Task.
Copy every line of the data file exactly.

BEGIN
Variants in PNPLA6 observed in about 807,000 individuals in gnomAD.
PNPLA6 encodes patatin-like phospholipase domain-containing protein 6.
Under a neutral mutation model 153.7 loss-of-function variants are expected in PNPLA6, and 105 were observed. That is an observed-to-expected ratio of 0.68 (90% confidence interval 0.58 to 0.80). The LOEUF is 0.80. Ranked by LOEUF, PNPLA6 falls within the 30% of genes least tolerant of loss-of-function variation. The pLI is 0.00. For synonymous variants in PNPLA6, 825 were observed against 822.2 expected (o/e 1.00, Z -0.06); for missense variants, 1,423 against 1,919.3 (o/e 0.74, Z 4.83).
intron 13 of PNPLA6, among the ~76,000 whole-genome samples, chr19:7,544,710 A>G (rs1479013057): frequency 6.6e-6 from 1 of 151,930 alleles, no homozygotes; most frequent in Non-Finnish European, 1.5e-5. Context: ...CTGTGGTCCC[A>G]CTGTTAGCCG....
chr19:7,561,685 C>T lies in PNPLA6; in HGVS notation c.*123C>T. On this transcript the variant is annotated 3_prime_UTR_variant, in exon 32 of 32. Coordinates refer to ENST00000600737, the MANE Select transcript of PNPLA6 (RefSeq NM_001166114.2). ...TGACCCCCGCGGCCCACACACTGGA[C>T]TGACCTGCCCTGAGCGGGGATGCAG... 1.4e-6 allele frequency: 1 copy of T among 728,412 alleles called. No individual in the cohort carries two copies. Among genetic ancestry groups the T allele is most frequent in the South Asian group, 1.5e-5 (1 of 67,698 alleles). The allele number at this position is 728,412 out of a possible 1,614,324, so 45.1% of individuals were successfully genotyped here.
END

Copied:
Variants in PNPLA6 observed in about 807,000 individuals in gnomAD.
PNPLA6 encodes patatin-like phospholipase domain-containing protein 6.
Under a neutral mutation model 153.7 loss-of-function variants are expected in PNPLA6, and 105 were observed. That is an observed-to-expected ratio of 0.68 (90% confidence interval 0.58 to 0.80). The LOEUF is 0.80. Ranked by LOEUF, PNPLA6 falls within the 30% of genes least tolerant of loss-of-function variation. The pLI is 0.00. For synonymous variants in PNPLA6, 825 were observed against 822.2 expected (o/e 1.00, Z -0.06); for missense variants, 1,423 against 1,919.3 (o/e 0.74, Z 4.83).
intron 13 of PNPLA6, among the ~76,000 whole-genome samples, chr19:7,544,710 A>G (rs1479013057): frequency 6.6e-6 from 1 of 151,930 alleles, no homozygotes; most frequent in Non-Finnish European, 1.5e-5. Context: ...CTGTGGTCCC[A>G]CTGTTAGCCG....
chr19:7,561,685 C>T lies in PNPLA6; in HGVS notation c.*123C>T. On this transcript the variant is annotated 3_prime_UTR_variant, in exon 32 of 32. Coordinates refer to ENST00000600737, the MANE Select transcript of PNPLA6 (RefSeq NM_001166114.2). ...TGACCCCCGCGGCCCACACACTGGA[C>T]TGACCTGCCCTGAGCGGGGATGCAG... 1.4e-6 allele frequency: 1 copy of T among 728,412 alleles called. No individual in the cohort carries two copies. Among genetic ancestry groups the T allele is most frequent in the South Asian group, 1.5e-5 (1 of 67,698 alleles). The allele number at this position is 728,412 out of a possible 1,614,324, so 45.1% of individuals were successfully genotyped here.